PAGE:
Rays showed willingness to take risks in Draft
ST. PETERSBURG -- Several years will need to pass before the Rays can accurately assess whether the 2015 Draft was a success. However, one thing rang true from the choices made this year: The Rays did not shy away from taking chances.
Rays scouting director R.J. Harrison liked the end result.
"We're excited about it," Harrison said Wednesday. "You know how excited we were about the first two kids [selected on the first day], and that got us off to a really good start.
"[Tuesday's] group was different because it was all college guys, but a bunch of college guys who we think are going to go out and hit the ground running. We got some bats we like, and some good bullpen arms, and we'll see, we may take a look at a couple of those guys and see if they are the types of guys we want to think about stretching out a little bit and making them starters."
From the get-go, the theme of the Rays' Draft seemed to be "go big" even if a little bit of risk was involved.
First pick, Garrett Whitley (13th overall) is an outfielder who seemingly can do everything. He's athletic and has performed well in showcase events. So what's the risk there? Can he sustain a high level of play when he's constantly pitted against better competition than what he saw while playing for Niskayuna High School just outside of Albany, N.Y.?
The Rays believe any concerns about stepping up in competition will be overcome by talent. When Harrison was asked what the Rays liked about the 18-year-old Whitley, he smiled: "Size, strength, athleticism, explosiveness, bat speed, runner, very intelligent. What else you want too know? This guys got really good tools."
Whitley, who bats and throws right-handed, emerged as a potential first-rounder with a succession of strong performances late in the summer on the showcase circuit. He lived up to that billing by continuing to swing a good bat as spring came to the Northeast.
"He's kind of that classic cold-weather kid," Harrison said. "... This guy hasn't played like the guys in Georgia and down here [in Florida] and the Southern California kids. So to get a chance to watch him play against good competition last summer [in showcases], we watched him for a 10-day stretch and he just got better and better, which is what the elite athletes are capable of doing."
MLB.com had Rays second-round pick catcher Chris Betts from Wilson High School in Long Beach, Calif., ranked 25th overall, and he went into the Draft known for being one of the "more interesting" high school bats available. However, he did experience a right forearm strain that limited him to designated-hitter duties the final three weeks of his season. Thus, Betts' stock fell.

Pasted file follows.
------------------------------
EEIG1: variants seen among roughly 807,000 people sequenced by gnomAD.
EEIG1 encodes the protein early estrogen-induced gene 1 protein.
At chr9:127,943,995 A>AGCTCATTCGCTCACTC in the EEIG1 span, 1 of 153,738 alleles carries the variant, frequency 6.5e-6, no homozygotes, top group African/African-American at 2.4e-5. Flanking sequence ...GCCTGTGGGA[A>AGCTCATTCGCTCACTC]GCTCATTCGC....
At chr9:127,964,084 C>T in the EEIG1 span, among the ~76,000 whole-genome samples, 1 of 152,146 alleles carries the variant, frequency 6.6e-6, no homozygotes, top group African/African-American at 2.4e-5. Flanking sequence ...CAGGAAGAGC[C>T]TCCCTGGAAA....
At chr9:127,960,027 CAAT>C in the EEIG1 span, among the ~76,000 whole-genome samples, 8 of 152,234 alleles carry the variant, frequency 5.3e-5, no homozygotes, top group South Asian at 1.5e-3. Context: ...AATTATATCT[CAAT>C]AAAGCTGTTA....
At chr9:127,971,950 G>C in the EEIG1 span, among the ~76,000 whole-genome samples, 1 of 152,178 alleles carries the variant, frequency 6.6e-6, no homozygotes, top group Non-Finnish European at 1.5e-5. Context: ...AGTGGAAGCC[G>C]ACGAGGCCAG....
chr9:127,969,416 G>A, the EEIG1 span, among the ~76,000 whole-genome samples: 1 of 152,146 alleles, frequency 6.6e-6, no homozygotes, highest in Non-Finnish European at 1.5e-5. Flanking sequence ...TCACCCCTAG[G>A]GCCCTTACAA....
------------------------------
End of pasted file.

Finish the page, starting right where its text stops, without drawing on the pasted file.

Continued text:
Believing Betts' injury is not serious, the Rays used the 52nd pick to select Betts, an 18-year-old catcher with a high upside from Wilson High School in Long Beach, Calif.
The Ray's third pick, Maryland second baseman Brandon Lowe, 20, saw his season end last weekend when he broke his leg in a game against Virginia. Meanwhile, fifth pick, Virginia outfielder Joe McCarthy, 21, had back surgery in January. In both cases the Rays sounded confident they would be back to full speed.
Finally, an unforseen risk came by taking Santa Clara right-hander Reece Karalus with their eighth pick. On a Santa Clara Baseball website Q&A, Karalus, 20, was asked, "What's No. 1 on your Bucket List?" To which he replied: "Leave the Earth's atmosphere."
Losing a player to outer space would be a new one.
The Rays selected 30 players on the final day of the Draft. Of the 40 players the Rays selected in total, 28 were from the college ranks and 18 were pitchers.
"Honestly, when you start looking at high school guys versus college guys, after the first four, five rounds, typically that college guy is a better bet because he's been out and he's played against better competition," Harrison said.
"With the high school guy, you're probably dreaming a little more, so when you factor those things in, and just with the way the pool of players was this year, there was some upper-tier high school pitching, but there wasn't as much of that next-level -- the guys who are little more projectable that you'd like to take in the fourth or fifth round and see about them getting them signed. The ones that were there, their price tags were scary."
Now comes the next phase of the Draft for the Rays scouting department: delivering the goods. That means they will have all hands on deck trying to sign the prospects they drafted.
"We have a bunch of guys who are getting on planes and taking off," Harrison said. "This is where the work starts with the guys in the office. We've got to get these guys in and we have to get the physicals done. If everything works out right, we would like to have Whitley in here by the end of the homestand."